Dr. TATTERSALL: Well, it did. I mean, it was living not that long before the peak of the last ice age, and it would have been, you know, a fairly marginal environment for any hominids; although our own ancestors, by about 20,000 years ago, when the environment was coldest, had actually got all the way up to the Arctic Circle.
FLATOW: 1-800-989-8255 is our number. You can also send us a tweet @scifri, that's @-S-C-I-F-R-I. Is that really, is one bone enough to change our views and say there's possibly a new species, or do we have to wait for a few more bones to be discovered?
Dr. TATTERSALL: Well, I think the signal that they're getting from the genome, the mitochondrial genome of this individual, seems to be pretty clear. Whether it's a new species that we don't know about is another question because we only have genomes from Neanderthals and from ourselves, modern Homo sapiens.
We don't have them yet from any other hominid that we know, but we do know a lot of fossil hominids. So it's possible that this finger bone, which is not really by itself diagnostic to any particular species, might actually belong to a species or at least a group that we already know in the fossil record.
FLATOW: Oh, because we have no other DNA to compare it to?
Dr. TATTERSALL: That's exactly right, yes.
FLATOW: Is it possible to get more DNA from other species that we're looking to compare it to?
Dr. TATTERSALL: Well, we're certainly hoping that it is, and that as technology advances, it will be possible. Right now, we're only able to get DNA, and then only occasionally, from specimens that are up to about the age of this individual - that lived either at high latitudes, where it was cold, and preservation is best, or at high altitudes, where it's also cold.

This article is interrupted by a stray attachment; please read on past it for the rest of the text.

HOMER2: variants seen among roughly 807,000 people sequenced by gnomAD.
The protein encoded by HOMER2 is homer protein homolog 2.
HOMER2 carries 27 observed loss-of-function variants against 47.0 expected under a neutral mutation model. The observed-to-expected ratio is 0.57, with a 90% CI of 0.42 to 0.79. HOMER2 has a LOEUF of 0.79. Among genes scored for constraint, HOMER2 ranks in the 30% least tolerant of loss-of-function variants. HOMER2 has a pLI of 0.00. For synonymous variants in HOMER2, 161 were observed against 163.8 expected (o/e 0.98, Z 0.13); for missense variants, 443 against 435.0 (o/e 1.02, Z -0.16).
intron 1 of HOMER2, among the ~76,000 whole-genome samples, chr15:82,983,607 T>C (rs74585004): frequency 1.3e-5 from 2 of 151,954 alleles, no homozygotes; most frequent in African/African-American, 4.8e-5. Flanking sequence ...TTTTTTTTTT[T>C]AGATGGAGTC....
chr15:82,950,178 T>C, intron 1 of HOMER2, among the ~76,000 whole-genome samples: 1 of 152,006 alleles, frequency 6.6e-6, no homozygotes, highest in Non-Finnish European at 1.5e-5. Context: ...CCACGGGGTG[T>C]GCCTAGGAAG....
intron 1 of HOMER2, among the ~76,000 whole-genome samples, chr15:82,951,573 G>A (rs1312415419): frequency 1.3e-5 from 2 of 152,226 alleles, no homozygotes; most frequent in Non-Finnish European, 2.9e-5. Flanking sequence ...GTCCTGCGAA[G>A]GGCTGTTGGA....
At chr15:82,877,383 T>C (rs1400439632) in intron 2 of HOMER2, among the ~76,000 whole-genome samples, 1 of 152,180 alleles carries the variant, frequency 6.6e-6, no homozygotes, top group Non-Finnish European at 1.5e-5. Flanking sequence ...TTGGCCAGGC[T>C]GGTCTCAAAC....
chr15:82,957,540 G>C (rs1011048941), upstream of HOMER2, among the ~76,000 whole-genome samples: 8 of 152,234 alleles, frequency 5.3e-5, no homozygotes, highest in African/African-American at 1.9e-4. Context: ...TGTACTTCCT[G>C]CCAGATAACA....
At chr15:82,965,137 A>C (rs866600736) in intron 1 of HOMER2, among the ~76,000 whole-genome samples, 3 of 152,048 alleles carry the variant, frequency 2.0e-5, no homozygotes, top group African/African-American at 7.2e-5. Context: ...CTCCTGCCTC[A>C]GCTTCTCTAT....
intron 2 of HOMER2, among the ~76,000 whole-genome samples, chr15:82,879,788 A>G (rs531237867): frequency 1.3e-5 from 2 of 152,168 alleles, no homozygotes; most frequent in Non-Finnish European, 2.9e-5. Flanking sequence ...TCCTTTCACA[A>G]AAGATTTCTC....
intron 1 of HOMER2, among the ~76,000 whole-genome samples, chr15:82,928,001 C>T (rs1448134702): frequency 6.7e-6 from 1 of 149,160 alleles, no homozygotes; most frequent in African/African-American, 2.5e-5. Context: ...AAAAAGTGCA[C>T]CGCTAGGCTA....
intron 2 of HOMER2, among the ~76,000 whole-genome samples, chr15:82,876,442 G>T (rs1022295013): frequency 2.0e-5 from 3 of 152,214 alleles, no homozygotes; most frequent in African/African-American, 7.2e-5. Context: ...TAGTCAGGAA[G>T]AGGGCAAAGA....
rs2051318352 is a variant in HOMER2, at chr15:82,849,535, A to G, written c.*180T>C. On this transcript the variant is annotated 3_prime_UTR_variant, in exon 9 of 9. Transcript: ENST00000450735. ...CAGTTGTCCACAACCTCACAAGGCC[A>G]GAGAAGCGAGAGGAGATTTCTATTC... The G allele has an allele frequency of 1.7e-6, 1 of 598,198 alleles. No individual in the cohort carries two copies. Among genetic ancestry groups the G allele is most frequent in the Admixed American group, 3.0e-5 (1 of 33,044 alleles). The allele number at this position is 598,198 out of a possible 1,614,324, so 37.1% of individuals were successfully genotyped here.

So we're a bit limited, because the human story, obviously, originated in Africa, and their climates are much warmer.
FLATOW: But it is possible that we did have the same ancestry as this...?
Dr. TATTERSALL: Yes, indeed. We clearly have an ancestry in common with all other hominids at some point in time. And they're extrapolating, from the differences in the DNA, that in this case, the common ancestor probably lived about a million years ago.
FLATOW: And where then you partially answered that question, but I'm going to ask it anyhow. Where, then, would this fit in with some of our other recent discoveries, particularly such as Ardi, the big thing that happened recently?
Dr. TATTERSALL: Yeah, Ardipithecus, of course, is the subject of great debate, and whatever it is, it seems to be really sort of an outlier in human evolution. And of course, it's four million years old and represents a very early stage in the history of the human family.
This specimen, being only about 40,000 years old, plus or minus, represents a much more recent relative of ours, and it's very it's very tantalizing because it's distinct from Homo sapiens, and yet, clearly, it's not in the region today.